Monthly Archives: August 2013


In his endlessly fascinating book, Mason Currey gives us a peak into the inner motivations of writers, artists, and other creative types.

One of my favorite shows is “In Depth” on Book TV.  And my favorite part of that show is where we are given access to the writing spaces of the featured author.  Having watched that show for many years confirms that no two writers have the same pattern.  Every writer (or creative type) is unique.  Currey also makes this plain in his wonderfully wrought book.

Here a few, other things I took away from reading Currey’s book:

*The power of good habits and the struggle to develop them!

*Creative folks must create.  There is a drive, even compulsion to do so.

*It is wise to have a steady means of income as it is difficult, especially at first, to make a living in the creative arena.

*Find your own voice because no one else has it!



One of my favorite books is How Proust Can Change Your LIfe.  It is less than two hundred pages, but jam packed with wonderful insights.  The author is an engaging and winsome writer.  And he is an atheist.  His view of the world is much different than mine, but he has a terrific way of explaining important matters.

Here is a two minute clip of the author explaining what great literature can do:


I know.  The title sounds like the start of a joke.

Here is what atheist, Richard Dawkins, tweeted when Benedict made it public he would retire:

“I feel sorry for the Pope and all old Catholic priests. Imagine having a wasted life to look back on and no sex.”

(Richard Dawkins, Tweet, Feb. 11, 2013)

Sex must take on a sort of transcendence if you are an atheist/materialist like Dawkins.  That is the truly pathetic thing!


It is a well-known and regularly retrieved saying, but do we really believe “the pen is mightier than the sword?”

It seems the sword is being employed a lot these days.  It also seems right to conclude that the sword being used so often is proof that it works.  Why else use it?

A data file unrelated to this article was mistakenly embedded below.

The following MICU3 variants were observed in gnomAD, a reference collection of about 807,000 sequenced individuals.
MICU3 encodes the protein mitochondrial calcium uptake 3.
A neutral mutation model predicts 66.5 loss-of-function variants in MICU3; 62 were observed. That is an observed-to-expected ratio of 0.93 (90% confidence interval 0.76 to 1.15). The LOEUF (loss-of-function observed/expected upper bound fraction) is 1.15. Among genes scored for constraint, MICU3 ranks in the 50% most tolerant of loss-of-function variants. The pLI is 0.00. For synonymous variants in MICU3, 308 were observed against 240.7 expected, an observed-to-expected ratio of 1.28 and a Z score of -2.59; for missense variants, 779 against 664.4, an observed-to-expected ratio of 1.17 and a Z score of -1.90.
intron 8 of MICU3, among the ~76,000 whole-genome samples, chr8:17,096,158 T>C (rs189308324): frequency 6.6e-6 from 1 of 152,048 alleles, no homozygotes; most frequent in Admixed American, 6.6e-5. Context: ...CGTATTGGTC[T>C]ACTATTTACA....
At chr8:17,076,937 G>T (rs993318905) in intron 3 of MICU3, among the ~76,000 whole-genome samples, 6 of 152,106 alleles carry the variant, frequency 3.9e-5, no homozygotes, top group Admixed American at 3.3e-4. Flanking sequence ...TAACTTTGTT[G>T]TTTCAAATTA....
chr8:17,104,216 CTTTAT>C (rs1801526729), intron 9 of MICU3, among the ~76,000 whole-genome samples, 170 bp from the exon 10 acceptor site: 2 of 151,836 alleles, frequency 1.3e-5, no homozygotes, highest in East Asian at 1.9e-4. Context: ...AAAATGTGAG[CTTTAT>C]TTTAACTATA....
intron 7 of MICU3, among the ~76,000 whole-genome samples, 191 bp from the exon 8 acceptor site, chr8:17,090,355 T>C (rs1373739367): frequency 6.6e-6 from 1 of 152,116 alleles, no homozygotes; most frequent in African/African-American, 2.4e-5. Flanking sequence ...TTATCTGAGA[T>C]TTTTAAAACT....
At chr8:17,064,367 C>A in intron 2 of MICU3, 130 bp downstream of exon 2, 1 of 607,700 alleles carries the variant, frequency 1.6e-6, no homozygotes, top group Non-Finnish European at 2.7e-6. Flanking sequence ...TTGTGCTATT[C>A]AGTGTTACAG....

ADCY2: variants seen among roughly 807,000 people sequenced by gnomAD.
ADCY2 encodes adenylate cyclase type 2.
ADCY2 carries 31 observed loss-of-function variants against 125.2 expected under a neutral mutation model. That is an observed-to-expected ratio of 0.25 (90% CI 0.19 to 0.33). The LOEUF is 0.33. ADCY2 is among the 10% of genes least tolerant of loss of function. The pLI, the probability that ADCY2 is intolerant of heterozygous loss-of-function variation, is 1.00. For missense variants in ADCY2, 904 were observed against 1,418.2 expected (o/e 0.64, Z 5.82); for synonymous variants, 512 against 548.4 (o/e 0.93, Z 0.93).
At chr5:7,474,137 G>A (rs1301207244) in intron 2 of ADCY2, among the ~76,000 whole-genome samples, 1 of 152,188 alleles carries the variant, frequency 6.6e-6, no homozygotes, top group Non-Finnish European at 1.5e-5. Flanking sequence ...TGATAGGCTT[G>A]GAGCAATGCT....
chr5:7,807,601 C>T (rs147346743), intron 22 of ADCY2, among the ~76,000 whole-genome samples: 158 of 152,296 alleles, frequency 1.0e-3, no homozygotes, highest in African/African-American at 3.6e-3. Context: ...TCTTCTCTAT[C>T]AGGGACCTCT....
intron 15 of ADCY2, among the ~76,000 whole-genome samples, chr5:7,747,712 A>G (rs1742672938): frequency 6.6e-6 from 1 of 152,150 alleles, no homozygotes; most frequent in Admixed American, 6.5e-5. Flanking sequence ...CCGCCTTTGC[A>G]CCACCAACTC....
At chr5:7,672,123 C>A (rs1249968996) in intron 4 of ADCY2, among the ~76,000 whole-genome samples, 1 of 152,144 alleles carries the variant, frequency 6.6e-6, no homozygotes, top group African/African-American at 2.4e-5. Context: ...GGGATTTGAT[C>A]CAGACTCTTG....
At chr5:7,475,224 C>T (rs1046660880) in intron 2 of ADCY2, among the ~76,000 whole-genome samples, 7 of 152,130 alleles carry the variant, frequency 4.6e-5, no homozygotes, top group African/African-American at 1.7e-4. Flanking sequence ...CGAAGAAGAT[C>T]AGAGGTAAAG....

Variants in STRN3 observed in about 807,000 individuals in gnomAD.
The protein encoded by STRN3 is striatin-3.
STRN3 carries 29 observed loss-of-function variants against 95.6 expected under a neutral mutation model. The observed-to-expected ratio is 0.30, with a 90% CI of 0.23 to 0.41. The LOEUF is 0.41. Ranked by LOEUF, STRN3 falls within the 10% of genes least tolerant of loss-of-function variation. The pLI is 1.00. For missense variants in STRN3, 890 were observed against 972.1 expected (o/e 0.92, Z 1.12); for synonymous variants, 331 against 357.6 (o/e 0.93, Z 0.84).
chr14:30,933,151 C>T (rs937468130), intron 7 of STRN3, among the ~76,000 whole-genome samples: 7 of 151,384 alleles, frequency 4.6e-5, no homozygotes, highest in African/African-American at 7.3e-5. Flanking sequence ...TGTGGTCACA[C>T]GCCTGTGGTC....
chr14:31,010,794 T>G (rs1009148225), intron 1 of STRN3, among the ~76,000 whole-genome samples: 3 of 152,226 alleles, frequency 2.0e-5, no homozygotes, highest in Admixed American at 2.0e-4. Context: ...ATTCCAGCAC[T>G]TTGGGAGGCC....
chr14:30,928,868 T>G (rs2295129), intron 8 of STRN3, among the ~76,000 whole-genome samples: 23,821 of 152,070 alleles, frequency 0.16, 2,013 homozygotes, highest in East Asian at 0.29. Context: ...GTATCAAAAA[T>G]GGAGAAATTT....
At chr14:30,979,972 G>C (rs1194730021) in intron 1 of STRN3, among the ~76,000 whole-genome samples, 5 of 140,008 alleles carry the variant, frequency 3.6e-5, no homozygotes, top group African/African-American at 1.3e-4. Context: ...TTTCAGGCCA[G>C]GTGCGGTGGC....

Christians extol the power of the Word.  God’s Word is “…living and active, sharper than any two-edged sword…”  (Heb. 4:12)

When I observe governments grabbing the sword as the first or only option, I know their ideas must not be very compelling.

Poet, playwright, writer/Czech Republic president (in that order!) said, “I really do inhabit a system in which words are capable of shaking the entire structure of government, where words can prove mightier than ten military divisions.”


It is easy for couples going through a divorce to be so focused on their own hurts that they fail to realize the massive ripple effect on others: children, families on both sides, and friends.

I wonder if those contemplating divorce could actually see the entire crowd of people who will be forever affected whether this might help slow down the breaking up of couples.  Only God knows.  The reality however remains.  

Divorce does not just involve two people, but many other folks as well.


My introduction to ghost-writing came via a gifted friend from my days at Stanford.  She received her B.A. in classics from Stanford with distinction.  She is a gifted writer.  After college she went to work with a Christian ministry.  My wife and I were visiting with her one day when she read a letter from a well-known Christian leader.  I was a bit surprised by how well the letter was written and commenced to voice my astonishment.  My friend said, “Oh no, she did not write it.  I did.”  I was speechless…a rather uncommon occurrence for me!
After this, I started to hear more about ghost-writing.  There were all kinds of rationales given to the practice, but all struck me as ridiculous.  Who cares if everyone is doing it?  That is certainly not a compelling argument.  Who cares if both the ghost-writer and the more famous Christian are fine with it?  No argument of any worth there either.
My first opportunity to ghost-write came about ten years ago.  I turned down the offer even though the money was good.  In the depths of the recent recession when we almost lost our home, I said “yes” to ghost-writing two smaller pieces.  It was a weak moment to be sure, but inexcusable.  I will never do it again.
I have no problem with a famous Christian utilizing the skills of a more gifted writer as long as proper attribution is given.  Which means in many cases putting them on the cover as a co-author.  And how many follow that practice?  Very few, I’m afraid.
I talked with a journalist several years back who was working on a major book about ghost-writing among Christians.  He decided to scrap it because he felt it would be too much of a stumbling block for Christians to find out how many of their favorite writers are really not the guy or gal writing the book!